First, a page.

Friday, April 30, 2010

Friday Happy Hour: a Martini or a Martinez ... or a Golf Cocktail?

At risk of repeating ourselves, and as we have recently noted (and not that it takes any saying so from us) the Martini is the preeminent classic cocktail.

It's certainly one of the most storied drinks, and a drink whose origins are shrouded in mystery. Let's explore that a little bit. First, the classic recipe, with some commentary:

Okay, so there was this place called "Martinez, California" -- other versions say the bartender was a guy named Martinez. Sometimes, the bar patron is a guy named Martinez. Who knows -- it wasn't exactly well documented.
But, the idea is that a Martini is gin (or, nowadays, vodka) with dry vermouth, right? And, the drier, the better, right? What do you make of this, then:

This is a recipe from an old Mohawk liquor recipe booklet of uncertain origins, but probably circa the 1930s. It bears noting that "Italian" vermouth is the same as sweet vermouth (dry vermouth is "French"). So, not only do the proportions of this recipe (2:1) make for a wet drink, it's made with sweet vermouth. Not your daddy's Martini, is it? And the bitters are an ingredient from left field.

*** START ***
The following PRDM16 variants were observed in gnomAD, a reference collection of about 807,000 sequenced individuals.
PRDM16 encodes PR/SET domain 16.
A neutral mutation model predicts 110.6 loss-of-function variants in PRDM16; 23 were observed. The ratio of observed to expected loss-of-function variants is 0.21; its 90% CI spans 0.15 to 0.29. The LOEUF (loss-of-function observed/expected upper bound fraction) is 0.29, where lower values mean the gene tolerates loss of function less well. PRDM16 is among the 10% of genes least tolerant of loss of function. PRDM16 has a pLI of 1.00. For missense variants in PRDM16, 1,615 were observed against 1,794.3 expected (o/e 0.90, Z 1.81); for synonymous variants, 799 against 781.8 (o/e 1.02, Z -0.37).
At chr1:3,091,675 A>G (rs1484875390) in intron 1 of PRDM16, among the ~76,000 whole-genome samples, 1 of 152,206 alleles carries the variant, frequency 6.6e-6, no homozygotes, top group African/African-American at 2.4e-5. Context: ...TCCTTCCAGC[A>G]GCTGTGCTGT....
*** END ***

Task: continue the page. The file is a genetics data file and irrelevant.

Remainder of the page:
What this is, actually, is kind of a Martini recipe with vestiges of its ancient evolution from a drink called a Martinez. The Martinez actually has the proportions of the sweet vermouth and gin reversed; the vermouth was the dominant ingredient, and the gin is the minority contributor. Also, a Martinez has bitters (just like this Martini) and also adds a "dash" of maraschino liqueur (which this Martini recipe has lost).
A Martinez is actually a good drink -- but keep the gin as the dominant ingredient -- there's a reason why the vermouth-based idea never caught on: it sucks.
But, from the same booklet, check out this drink:
Now, except for the bitters, this is a "wet" Martini (meaning that it's a 2:1 ratio of the gin and vermouth -- not at all aridly dry, as fashions have come to demand).
Frankly, we don't know what ever happened to the Golf cocktail, or if it was ever very popular. Why not give it a try next time you order a Martini?

Of course, one of the amazing things about a Martini is the utter clarity of the drink, frigid and cold, with the oils of the olive shimmering on the surface. Simply gorgeous. A Martinez, with the sweet vermouth, looses that simplicity and starkness. But, with it's reddish color -- maybe kind of like the clay in Martinez, California? -- it has its own elegance.


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